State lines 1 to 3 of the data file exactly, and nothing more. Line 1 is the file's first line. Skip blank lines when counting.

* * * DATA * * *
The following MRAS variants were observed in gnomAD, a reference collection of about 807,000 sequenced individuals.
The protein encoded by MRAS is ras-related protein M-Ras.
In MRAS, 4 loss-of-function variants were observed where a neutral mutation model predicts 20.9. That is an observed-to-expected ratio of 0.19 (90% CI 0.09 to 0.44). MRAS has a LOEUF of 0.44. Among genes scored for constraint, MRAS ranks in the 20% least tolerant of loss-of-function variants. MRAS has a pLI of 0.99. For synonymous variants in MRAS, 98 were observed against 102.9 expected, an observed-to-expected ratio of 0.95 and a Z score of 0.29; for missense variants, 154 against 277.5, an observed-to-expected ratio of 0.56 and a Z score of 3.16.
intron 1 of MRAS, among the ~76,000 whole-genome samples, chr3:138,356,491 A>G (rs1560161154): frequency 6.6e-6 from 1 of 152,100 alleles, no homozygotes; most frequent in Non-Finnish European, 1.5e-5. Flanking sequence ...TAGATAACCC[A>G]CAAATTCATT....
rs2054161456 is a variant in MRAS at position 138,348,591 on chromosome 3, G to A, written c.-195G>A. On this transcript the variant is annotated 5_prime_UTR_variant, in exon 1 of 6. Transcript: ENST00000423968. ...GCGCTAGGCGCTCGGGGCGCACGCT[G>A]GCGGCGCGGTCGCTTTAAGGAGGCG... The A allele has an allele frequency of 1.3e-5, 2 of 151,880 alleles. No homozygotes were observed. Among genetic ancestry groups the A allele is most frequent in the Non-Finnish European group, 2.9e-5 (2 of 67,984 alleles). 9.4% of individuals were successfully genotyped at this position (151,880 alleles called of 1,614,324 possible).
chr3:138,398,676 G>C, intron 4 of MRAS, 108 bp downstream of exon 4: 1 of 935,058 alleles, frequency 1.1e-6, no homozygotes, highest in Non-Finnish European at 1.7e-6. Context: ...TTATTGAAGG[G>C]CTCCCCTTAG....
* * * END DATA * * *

The following MRAS variants were observed in gnomAD, a reference collection of about 807,000 sequenced individuals.
The protein encoded by MRAS is ras-related protein M-Ras.
In MRAS, 4 loss-of-function variants were observed where a neutral mutation model predicts 20.9. That is an observed-to-expected ratio of 0.19 (90% CI 0.09 to 0.44). MRAS has a LOEUF of 0.44. Among genes scored for constraint, MRAS ranks in the 20% least tolerant of loss-of-function variants. MRAS has a pLI of 0.99. For synonymous variants in MRAS, 98 were observed against 102.9 expected, an observed-to-expected ratio of 0.95 and a Z score of 0.29; for missense variants, 154 against 277.5, an observed-to-expected ratio of 0.56 and a Z score of 3.16.